Cromarty Archive

Cromarty Mains Farm Cottages

Cromarty Mains Farm Cottages

Date Added: 01 January 2012 Contributor: Elaine Ross Year: 1918 Picture No: 3071

Cromarty Mains Farm Cottages about 1918. My Great Grandfather Kenneth Sutherland (Shepherd) standing outside his house with his Daughters Mary (tallest) and Williamina (middle height), smallest child not known. any information on this family please get in tough as I'm researching my family tree. Kenneth and the family resided here until his death in 1957.

Albums: Buildings, Streets


Anyone got any idea what the large barrels outside each house are for? Comment left on 07 January 2012 at 19:00 by Sandy Thomson
Probably collection of rain water. Comment left on 08 January 2012 at 17:34 by Anon
Well, yes - I did think of that. But these cottages were built in 1879. I would have thought there would have been a piped water supply by that time - even if it was only a shared standpipe. Comment left on 09 January 2012 at 12:15 by Sandy Thomson
Not sure, but that looks like coal at the bottom of the first barrel. Comment left on 17 January 2012 at 09:32 by Sue florence
Well spotted Sue! I think you're right. Weirdest-looking coal bunkers I've ever seen. Comment left on 18 January 2012 at 17:16 by Sandy Thomson
If you look closely you can see they are made of steel rivetted at each end and positioned below the downpipe. Rain water wasn't used as drinking water but for general purpose use. Comment left on 19 January 2012 at 15:58 by Anonymous
"Weirdest-looking coal bunkers I've ever seen."

Quite sensible, really. The problem with rectangular ones is that the coal gets stuck in the corners. The cylindrical ones mean that the tendency for the coal would be to fall down to the bottom for easy shovelling.
Comment left on 19 January 2012 at 16:51 by Colin Dunn
Don't you think you are taking the coal line a bit too far? These are hot riveted barrels similar to a boiler of that era. Many rainwater tanks were made from flagstone so these were pucker indeed. Comment left on 19 January 2012 at 18:15 by Anonymous
This is only a wild guess, but I remember seeing a similar picture in the "Farmers Weekly" which was described as an agricultural seed bin. This apparently was quite common outside farm cottages (circa 1920) before storage methods changed. As Sue now says they are obviously used here as coal bunkers. Comment left on 19 January 2012 at 22:12 by Alex Grant
Coal bunkers would be right as farm cottages in these days did not usually have much in the way of sheds. 10 bags of coal were given to workers as part of thier wages. Comment left on 20 January 2012 at 08:29 by Eric Mciver
If they were rainwater barrels, wouldn't it have made more sense to position them at the rear of the houses? Sorry - I am convinced they are being used here for coal. Comment left on 20 January 2012 at 11:42 by Sandy Thomson
Water or Coal? I come down on the rainwater answer. it was collected as 'soft' water,which was used to fill a clothes washing boiler, fired with wood logs. I used to deliver coal to the Mains, when my Dad had the Coal Business in the 50's. The containers were gone by then, so I offloaded to sheds at the rear of houses.Richard Brooke was farmer insitu. He was preceeded by Jasper Chapman, who moved to Udale. Duncan MacPherson succeeded Richard.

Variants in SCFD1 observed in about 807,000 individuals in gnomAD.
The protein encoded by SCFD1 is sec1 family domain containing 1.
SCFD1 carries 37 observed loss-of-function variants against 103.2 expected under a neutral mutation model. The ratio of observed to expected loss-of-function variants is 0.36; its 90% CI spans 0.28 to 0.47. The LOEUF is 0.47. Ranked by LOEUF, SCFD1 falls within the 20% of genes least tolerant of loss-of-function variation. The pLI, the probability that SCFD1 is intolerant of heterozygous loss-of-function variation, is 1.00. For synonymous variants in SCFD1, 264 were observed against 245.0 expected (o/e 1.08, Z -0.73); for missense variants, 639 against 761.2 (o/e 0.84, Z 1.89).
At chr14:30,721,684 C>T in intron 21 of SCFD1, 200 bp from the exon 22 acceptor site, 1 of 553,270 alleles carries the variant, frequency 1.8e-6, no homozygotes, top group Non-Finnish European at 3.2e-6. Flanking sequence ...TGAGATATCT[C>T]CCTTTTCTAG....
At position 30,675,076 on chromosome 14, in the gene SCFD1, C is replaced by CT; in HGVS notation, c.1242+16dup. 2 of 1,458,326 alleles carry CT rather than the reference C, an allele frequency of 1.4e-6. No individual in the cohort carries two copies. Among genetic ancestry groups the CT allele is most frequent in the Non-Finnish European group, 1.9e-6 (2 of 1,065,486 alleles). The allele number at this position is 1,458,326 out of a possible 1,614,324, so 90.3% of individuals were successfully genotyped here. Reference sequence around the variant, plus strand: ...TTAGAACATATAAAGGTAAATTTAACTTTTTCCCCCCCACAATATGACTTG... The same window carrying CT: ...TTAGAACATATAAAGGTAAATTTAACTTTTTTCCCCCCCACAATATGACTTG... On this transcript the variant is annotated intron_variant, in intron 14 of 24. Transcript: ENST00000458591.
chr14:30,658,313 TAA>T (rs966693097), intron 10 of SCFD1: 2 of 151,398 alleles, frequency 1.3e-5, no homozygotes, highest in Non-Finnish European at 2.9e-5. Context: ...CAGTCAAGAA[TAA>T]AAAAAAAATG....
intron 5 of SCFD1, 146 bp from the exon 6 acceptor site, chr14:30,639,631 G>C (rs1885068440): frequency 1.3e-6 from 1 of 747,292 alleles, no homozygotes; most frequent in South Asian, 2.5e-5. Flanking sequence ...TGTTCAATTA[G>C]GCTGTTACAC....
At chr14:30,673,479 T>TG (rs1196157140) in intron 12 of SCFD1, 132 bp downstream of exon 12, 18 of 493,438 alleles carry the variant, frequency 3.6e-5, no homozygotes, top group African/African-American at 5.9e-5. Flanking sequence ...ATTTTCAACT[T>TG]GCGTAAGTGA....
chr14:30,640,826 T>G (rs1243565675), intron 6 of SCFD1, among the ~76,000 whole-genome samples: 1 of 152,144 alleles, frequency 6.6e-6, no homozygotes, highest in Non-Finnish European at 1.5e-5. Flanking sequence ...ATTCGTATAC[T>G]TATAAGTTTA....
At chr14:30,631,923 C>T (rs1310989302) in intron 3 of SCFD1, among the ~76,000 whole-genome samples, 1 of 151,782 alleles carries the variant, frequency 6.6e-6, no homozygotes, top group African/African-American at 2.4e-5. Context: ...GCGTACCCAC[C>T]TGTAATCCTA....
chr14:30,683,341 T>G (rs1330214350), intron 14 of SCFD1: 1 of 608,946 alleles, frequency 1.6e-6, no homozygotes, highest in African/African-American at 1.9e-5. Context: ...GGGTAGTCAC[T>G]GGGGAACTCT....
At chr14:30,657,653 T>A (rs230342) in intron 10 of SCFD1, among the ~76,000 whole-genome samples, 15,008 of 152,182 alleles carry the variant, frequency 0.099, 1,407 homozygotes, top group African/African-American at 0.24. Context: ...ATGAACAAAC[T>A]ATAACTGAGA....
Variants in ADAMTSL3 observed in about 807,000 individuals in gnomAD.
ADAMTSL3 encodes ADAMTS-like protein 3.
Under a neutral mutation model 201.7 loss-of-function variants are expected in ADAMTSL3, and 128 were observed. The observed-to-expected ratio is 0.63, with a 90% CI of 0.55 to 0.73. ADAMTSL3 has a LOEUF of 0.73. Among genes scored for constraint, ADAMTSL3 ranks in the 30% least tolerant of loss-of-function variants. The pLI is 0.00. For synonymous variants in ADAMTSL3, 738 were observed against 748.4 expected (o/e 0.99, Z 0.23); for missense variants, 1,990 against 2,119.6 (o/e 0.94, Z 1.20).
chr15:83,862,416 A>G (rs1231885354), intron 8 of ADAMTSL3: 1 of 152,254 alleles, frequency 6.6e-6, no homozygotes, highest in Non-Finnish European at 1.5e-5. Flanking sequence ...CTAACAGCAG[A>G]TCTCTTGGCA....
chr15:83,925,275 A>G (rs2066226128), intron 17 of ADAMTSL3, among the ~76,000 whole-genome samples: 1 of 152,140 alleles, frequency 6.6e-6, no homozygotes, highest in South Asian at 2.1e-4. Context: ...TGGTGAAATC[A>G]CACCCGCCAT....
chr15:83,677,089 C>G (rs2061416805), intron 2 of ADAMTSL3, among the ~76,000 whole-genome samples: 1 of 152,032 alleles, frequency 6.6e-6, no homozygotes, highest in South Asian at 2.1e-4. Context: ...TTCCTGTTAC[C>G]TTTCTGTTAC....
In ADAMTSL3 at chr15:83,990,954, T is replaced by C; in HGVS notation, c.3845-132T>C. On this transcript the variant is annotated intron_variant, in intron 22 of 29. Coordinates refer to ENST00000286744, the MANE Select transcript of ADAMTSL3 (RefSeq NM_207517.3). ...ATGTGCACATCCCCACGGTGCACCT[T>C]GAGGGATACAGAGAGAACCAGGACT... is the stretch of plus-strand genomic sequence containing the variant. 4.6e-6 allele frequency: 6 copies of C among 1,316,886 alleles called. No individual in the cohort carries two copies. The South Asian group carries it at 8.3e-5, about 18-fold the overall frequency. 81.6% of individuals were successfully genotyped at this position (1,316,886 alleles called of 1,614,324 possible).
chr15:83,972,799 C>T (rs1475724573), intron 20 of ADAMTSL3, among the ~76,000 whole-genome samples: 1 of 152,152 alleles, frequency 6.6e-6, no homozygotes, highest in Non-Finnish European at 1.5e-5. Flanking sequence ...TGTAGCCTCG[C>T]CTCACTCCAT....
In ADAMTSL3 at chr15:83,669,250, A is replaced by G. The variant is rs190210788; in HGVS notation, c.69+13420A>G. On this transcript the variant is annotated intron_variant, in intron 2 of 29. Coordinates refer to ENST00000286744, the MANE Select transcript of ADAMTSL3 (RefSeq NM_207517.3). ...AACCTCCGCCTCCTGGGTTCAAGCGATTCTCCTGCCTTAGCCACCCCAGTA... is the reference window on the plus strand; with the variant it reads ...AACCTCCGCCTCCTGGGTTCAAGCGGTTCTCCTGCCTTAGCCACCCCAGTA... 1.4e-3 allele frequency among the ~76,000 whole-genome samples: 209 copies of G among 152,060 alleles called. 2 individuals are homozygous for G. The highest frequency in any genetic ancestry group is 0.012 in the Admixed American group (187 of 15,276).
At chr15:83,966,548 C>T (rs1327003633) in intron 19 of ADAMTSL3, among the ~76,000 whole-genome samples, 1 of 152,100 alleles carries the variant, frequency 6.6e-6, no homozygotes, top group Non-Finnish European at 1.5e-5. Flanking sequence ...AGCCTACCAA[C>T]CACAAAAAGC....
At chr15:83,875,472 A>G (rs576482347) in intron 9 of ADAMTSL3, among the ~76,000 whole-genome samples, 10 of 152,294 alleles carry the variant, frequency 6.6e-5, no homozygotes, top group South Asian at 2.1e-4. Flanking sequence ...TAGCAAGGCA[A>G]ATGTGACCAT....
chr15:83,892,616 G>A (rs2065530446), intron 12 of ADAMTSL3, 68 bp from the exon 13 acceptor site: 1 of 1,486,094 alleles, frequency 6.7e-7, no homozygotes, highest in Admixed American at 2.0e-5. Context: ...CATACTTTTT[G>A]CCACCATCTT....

Comment left on 25 January 2012 at 21:05 by Clem Watson
My father Bert Mackenzie, who worked for Duncan MacPherson at the Mains, then at Muirhead Farm, assures me that they would have been used originally to collect rainwater, before the houses had piped water. As Clem has said, the water collected was heated up and used for general purposes like clothes washing, or having a bath! Comment left on 12 February 2012 at 20:49 by Alison Skitt (nee Mackenzie)
I suppose this debate could go on and on, without any conclusion, but as "Anonymous" made reference to earlier on these are well constructed barrels, certainly unlike any water butts of that era circa 1920. There is no evidence of any tap connection/or previous, and as there is very obviously a chute at the bottom, I cannot see how this barrel was manufactured for rainwater collection. Comment left on 12 February 2012 at 22:16 by Alex Grant
Hi Alex. They were not specially made for water collection, but a useful vessel for the purpose, obtained from e.g. disused marine boilers! Our discharge coal tubs, half ton capacity, were after the coal ship era, used by a Cawdor farmer for grain storage. Many well made artifacts can always be used in another role. Some enterprising crofters have kept coal in a bath before now! Water was siphoned from the containers with a gentle 'sook', thence to a pail. Nae sweat. Comment left on 13 February 2012 at 13:54 by Clem Watson
I'm beginning to regret having started this hare running! Let me see if I can stop it in its tracks. The 'Ross-shire Journal' of 5/12/1879 describes the new houses as 'model cottages, with all the latest conveniences.' I reckon this implies a piped water supply, possibly to a communal standpipe. However, this would be hard spring water - useless for washing clothes. It was common, therefore, in the 19th century for even large houses to collect rainwater from the roof (sometimes going into a tank in a basement) for washing purposes. I'm guessing that these tanks were used for this purpose by some inhabitants, but that the house nearest the photographer preferred to use theirs for a coal bunker. Phew! Comment left on 13 February 2012 at 16:01 by Sandy Thomson
The house where the gentleman and his daughters are standing at looks like the one I'm staying in. Comment left on 06 January 2018 at 01:05 by James
Form Goes Here